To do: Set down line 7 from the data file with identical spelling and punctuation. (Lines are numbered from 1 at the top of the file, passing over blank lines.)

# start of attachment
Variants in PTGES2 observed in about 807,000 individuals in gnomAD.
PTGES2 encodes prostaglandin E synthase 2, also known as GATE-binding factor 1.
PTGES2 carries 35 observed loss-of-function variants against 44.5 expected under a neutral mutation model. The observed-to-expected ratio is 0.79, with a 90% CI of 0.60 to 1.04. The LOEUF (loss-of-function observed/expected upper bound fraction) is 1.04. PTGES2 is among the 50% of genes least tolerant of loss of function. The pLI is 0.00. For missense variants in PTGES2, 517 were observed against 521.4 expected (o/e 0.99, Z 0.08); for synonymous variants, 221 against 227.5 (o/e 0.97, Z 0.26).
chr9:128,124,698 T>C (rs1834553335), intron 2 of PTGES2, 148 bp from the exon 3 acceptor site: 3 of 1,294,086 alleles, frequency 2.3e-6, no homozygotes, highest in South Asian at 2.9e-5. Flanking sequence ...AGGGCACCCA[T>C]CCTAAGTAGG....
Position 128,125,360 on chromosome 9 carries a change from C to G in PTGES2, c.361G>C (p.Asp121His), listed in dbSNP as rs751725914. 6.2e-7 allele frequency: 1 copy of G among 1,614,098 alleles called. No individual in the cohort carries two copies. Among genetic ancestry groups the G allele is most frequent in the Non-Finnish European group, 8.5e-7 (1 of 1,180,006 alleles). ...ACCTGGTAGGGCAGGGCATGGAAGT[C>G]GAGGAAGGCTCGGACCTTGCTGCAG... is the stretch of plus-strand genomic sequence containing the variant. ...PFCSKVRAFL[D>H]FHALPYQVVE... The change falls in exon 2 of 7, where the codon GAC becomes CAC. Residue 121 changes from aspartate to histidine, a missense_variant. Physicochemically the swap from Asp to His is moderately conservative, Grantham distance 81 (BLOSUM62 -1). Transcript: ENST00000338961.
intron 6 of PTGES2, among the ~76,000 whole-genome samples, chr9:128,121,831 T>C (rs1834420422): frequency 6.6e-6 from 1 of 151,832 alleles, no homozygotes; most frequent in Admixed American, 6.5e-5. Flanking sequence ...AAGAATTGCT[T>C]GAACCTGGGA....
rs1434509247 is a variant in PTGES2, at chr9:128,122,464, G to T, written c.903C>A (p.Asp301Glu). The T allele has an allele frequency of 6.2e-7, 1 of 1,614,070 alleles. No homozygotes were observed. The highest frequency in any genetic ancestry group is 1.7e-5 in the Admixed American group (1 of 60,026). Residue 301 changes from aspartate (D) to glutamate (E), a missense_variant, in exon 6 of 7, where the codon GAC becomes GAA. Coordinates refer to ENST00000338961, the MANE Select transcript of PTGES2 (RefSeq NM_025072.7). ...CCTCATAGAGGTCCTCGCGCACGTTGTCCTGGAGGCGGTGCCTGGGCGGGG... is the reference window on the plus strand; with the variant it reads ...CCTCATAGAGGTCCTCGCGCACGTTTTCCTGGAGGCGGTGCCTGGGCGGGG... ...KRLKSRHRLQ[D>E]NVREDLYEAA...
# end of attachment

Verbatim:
rs1434509247 is a variant in PTGES2, at chr9:128,122,464, G to T, written c.903C>A (p.Asp301Glu). The T allele has an allele frequency of 6.2e-7, 1 of 1,614,070 alleles. No homozygotes were observed. The highest frequency in any genetic ancestry group is 1.7e-5 in the Admixed American group (1 of 60,026). Residue 301 changes from aspartate (D) to glutamate (E), a missense_variant, in exon 6 of 7, where the codon GAC becomes GAA. Coordinates refer to ENST00000338961, the MANE Select transcript of PTGES2 (RefSeq NM_025072.7). ...CCTCATAGAGGTCCTCGCGCACGTTGTCCTGGAGGCGGTGCCTGGGCGGGG... is the reference window on the plus strand; with the variant it reads ...CCTCATAGAGGTCCTCGCGCACGTTTTCCTGGAGGCGGTGCCTGGGCGGGG... ...KRLKSRHRLQ[D>E]NVREDLYEAA...